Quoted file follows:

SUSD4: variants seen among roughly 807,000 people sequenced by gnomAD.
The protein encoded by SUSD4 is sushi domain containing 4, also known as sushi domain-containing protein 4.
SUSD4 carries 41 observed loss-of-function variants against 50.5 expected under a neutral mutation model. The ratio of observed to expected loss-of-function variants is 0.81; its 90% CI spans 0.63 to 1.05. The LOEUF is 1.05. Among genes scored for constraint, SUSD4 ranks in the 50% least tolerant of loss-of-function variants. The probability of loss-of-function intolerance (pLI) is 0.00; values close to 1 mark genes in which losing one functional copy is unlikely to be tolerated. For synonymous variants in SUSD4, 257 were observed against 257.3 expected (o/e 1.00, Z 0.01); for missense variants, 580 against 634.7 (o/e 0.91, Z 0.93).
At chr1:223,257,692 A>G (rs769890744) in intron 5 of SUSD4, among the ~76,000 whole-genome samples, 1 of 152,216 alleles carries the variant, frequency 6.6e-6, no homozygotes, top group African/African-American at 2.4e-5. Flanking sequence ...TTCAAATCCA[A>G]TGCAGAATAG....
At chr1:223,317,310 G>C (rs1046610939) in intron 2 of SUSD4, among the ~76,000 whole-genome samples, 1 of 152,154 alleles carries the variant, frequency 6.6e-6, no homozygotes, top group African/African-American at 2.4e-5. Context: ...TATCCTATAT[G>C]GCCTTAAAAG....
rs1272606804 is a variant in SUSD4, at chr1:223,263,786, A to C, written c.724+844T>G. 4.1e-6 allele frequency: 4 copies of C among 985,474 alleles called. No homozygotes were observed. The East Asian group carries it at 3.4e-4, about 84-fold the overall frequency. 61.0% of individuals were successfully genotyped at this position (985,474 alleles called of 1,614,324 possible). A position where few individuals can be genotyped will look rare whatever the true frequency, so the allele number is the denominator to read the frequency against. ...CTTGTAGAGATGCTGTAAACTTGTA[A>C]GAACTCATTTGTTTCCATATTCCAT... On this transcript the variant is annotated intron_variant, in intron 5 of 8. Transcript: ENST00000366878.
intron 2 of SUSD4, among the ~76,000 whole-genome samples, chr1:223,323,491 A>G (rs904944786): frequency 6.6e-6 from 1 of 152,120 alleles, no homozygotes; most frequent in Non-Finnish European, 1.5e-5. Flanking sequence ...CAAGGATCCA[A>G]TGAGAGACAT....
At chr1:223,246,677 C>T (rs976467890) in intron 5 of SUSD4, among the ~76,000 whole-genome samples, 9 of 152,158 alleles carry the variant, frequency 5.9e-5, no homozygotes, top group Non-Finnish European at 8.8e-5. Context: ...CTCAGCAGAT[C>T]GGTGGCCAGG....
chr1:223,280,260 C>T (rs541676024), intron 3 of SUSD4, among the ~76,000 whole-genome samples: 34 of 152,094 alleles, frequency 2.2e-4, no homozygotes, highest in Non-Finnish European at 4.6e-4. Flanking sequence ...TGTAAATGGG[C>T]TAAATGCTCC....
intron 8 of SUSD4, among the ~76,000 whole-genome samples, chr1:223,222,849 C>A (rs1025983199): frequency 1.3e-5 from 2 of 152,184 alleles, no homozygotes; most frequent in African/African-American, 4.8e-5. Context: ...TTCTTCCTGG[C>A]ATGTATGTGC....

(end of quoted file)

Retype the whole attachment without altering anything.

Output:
SUSD4: variants seen among roughly 807,000 people sequenced by gnomAD.
The protein encoded by SUSD4 is sushi domain containing 4, also known as sushi domain-containing protein 4.
SUSD4 carries 41 observed loss-of-function variants against 50.5 expected under a neutral mutation model. The ratio of observed to expected loss-of-function variants is 0.81; its 90% CI spans 0.63 to 1.05. The LOEUF is 1.05. Among genes scored for constraint, SUSD4 ranks in the 50% least tolerant of loss-of-function variants. The probability of loss-of-function intolerance (pLI) is 0.00; values close to 1 mark genes in which losing one functional copy is unlikely to be tolerated. For synonymous variants in SUSD4, 257 were observed against 257.3 expected (o/e 1.00, Z 0.01); for missense variants, 580 against 634.7 (o/e 0.91, Z 0.93).
At chr1:223,257,692 A>G (rs769890744) in intron 5 of SUSD4, among the ~76,000 whole-genome samples, 1 of 152,216 alleles carries the variant, frequency 6.6e-6, no homozygotes, top group African/African-American at 2.4e-5. Flanking sequence ...TTCAAATCCA[A>G]TGCAGAATAG....
At chr1:223,317,310 G>C (rs1046610939) in intron 2 of SUSD4, among the ~76,000 whole-genome samples, 1 of 152,154 alleles carries the variant, frequency 6.6e-6, no homozygotes, top group African/African-American at 2.4e-5. Context: ...TATCCTATAT[G>C]GCCTTAAAAG....
rs1272606804 is a variant in SUSD4, at chr1:223,263,786, A to C, written c.724+844T>G. 4.1e-6 allele frequency: 4 copies of C among 985,474 alleles called. No homozygotes were observed. The East Asian group carries it at 3.4e-4, about 84-fold the overall frequency. 61.0% of individuals were successfully genotyped at this position (985,474 alleles called of 1,614,324 possible). A position where few individuals can be genotyped will look rare whatever the true frequency, so the allele number is the denominator to read the frequency against. ...CTTGTAGAGATGCTGTAAACTTGTA[A>C]GAACTCATTTGTTTCCATATTCCAT... On this transcript the variant is annotated intron_variant, in intron 5 of 8. Transcript: ENST00000366878.
intron 2 of SUSD4, among the ~76,000 whole-genome samples, chr1:223,323,491 A>G (rs904944786): frequency 6.6e-6 from 1 of 152,120 alleles, no homozygotes; most frequent in Non-Finnish European, 1.5e-5. Flanking sequence ...CAAGGATCCA[A>G]TGAGAGACAT....
At chr1:223,246,677 C>T (rs976467890) in intron 5 of SUSD4, among the ~76,000 whole-genome samples, 9 of 152,158 alleles carry the variant, frequency 5.9e-5, no homozygotes, top group Non-Finnish European at 8.8e-5. Context: ...CTCAGCAGAT[C>T]GGTGGCCAGG....
chr1:223,280,260 C>T (rs541676024), intron 3 of SUSD4, among the ~76,000 whole-genome samples: 34 of 152,094 alleles, frequency 2.2e-4, no homozygotes, highest in Non-Finnish European at 4.6e-4. Flanking sequence ...TGTAAATGGG[C>T]TAAATGCTCC....
intron 8 of SUSD4, among the ~76,000 whole-genome samples, chr1:223,222,849 C>A (rs1025983199): frequency 1.3e-5 from 2 of 152,184 alleles, no homozygotes; most frequent in African/African-American, 4.8e-5. Context: ...TTCTTCCTGG[C>A]ATGTATGTGC....